A funeral service was held yesterday, Saturday 16 December 2017, at the Church of the Holy Virgin and Anba Athanasius in the eastern Cairo suburb of Nasr City, for the prominent Copt Tharwat Bassily who passed away in Chicago on 5 December 2017. A funeral was held for him on 9 December in Chicago at the church of the Resurrection. Anba David, Coptic Orthodox Bishop of New York and New England, presided over the service.
Tharwat Bassily (1940 – 2017), PhD, was an Egyptian pharmacist and businessman, Chairman and CEO of Amoun Holdings, and owner of CTV (Coptic TV) channel. He was born in Minya, Upper Egypt, and grew to be a prominent member of the Coptic community; he was Undersecretary of the Coptic Orthodox Melli (Laity) Council, and founder of CTV (Coptic TV) in 2007.
A pharmacist by profession, Dr Bassily founded Amoun Pharmaceutical Company S.A.E. in the early 1990s. The company rose to be one of the leading drug makers in Egypt, and was acquired in 2006 by a consortium of international investors.
Dr Bassily was a philanthropist who sponsored a large volume of charity work.
He was a well-loved, respected man, honoured by all who knew him.
He leaves behind a wife, Isis Fawzy Shenouda; two businessmen sons: Ilia who is also a member of the House of Representatives, and George; and two daughters: Nevine and Mona, both are married to men in the business field.
The body of Dr Bassily was shipped to Egypt where, according to his will, he wished to be buried. A special tomb was prepared for him at Madinet al-Salam (al-Salam city), northeast of Cairo, next to the church of Holy Virgin and Anba Shenouda, which he established years ago.
Pope Tawadros II presided over yesterday’s funeral service in Cairo. A number of metropolitans, bishops, and priests attended. Among them were Anba Pachomius, Metropolitan of Beheira and Matrouh; Bishop of Youth Anba Moussa; Anba Yu’annis, Bishop of Assiut; Anba Ermia General Bishop and head of the Coptic Orthodox Cultural Centre; Anba Psenti, Bishop of Helwan and Massara; Anba Marcos, Bishop of Shubral-Kheima; and Anba Martiros, Bishop of the Churches East of the Railway.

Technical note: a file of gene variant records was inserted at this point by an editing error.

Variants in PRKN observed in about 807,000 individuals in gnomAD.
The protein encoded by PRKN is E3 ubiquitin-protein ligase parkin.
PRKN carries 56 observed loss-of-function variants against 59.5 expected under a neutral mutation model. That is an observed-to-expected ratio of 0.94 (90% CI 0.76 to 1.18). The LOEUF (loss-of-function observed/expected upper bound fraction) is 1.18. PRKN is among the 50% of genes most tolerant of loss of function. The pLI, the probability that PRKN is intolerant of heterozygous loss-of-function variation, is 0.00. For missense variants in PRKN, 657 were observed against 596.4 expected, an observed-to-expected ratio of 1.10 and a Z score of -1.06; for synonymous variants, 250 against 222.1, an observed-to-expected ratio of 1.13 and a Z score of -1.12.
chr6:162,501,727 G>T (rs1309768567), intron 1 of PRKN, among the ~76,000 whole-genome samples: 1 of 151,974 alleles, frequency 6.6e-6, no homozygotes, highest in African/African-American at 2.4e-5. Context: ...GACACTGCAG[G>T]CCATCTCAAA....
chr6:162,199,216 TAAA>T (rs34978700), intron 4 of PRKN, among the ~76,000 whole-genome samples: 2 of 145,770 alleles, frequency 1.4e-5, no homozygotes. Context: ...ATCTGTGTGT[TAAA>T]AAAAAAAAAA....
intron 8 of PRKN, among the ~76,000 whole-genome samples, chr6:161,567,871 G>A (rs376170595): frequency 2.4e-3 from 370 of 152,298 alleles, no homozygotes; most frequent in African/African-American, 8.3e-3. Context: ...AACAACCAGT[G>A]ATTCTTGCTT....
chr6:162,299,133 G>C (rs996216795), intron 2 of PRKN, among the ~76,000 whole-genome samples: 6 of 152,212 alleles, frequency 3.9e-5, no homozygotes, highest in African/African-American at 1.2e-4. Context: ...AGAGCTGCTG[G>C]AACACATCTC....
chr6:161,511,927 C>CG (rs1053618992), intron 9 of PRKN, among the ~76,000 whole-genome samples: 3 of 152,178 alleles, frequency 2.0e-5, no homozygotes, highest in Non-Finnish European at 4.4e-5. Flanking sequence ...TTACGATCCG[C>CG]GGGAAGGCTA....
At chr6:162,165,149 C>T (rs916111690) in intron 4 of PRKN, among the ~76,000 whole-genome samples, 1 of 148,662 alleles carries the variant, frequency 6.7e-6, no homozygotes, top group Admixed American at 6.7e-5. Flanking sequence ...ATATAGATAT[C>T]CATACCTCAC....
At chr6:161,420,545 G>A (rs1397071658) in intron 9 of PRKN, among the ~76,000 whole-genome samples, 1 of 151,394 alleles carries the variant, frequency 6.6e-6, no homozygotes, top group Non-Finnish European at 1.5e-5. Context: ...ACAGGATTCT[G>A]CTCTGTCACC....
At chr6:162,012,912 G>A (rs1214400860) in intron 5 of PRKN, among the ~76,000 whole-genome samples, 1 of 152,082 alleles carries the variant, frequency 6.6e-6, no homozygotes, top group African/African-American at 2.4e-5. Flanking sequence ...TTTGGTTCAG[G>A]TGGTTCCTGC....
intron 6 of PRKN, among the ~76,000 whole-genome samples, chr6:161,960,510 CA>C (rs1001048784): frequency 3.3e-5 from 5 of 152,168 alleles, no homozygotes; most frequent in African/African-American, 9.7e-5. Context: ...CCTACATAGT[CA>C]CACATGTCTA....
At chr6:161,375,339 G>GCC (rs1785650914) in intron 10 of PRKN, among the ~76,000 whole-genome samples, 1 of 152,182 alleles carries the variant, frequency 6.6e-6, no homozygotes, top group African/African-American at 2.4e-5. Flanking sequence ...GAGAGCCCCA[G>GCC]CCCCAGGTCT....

Once the coffin arrived at the church, it was received with a funeral march by the Boy Scout drummers who led the coffin in a procession into the church.
Pope Tawadros gave a word in which he described Dr Bassily as a “righteous, pure-hearted man, and a patriot to the core”.
He said Dr Bassily was a successful industrialist and businessman who ventured into the manufacture of pharmaceuticals, becoming a role model of perseverance and innovation. He also was an active MP who gained widespread respect for his straightforwardness and diligence.
Dr Bassily, the Pope said, rose to be one of the elders of the Church which he profoundly loved, and which he served in humbleness and submission. He was an active deacon, and he also liberally helped many needy churches and congregations, Pope Tawadros said. “The large number of metropolitans and bishops here today,” he said, “is not merely for condolence, but testifies to the singular life and works of this great man.”
The Pope said Dr Bassily had done countless charity works, giving generously and unconditionally, feeling for the poor and vulnerable, and always helping the weak. “I frequently dealt with him and his family, and thoroughly admired his viewpoints,” Pope Tawadros said.
“As we bid Dr Bassily farewell,” the Pope said, “we remember another prominent Copt who lived 200 years ago and who faithfully served his country and Church, Muallim Ibrahim al-Gohary, whose name and good deeds live on till today. Dr Bassily has followed in Gohary’s footsteps, and his name will be always equally honoured and venerated.”
The Pope closed with offering his sincere condolences and those of the Church to the Bassily family, and telling them neither they nor we should grieve, because we now have an intercessor in Heaven, who continuously prays for us. “Those we love never die,” he said, “they live on in our hearts.”
17 December 2017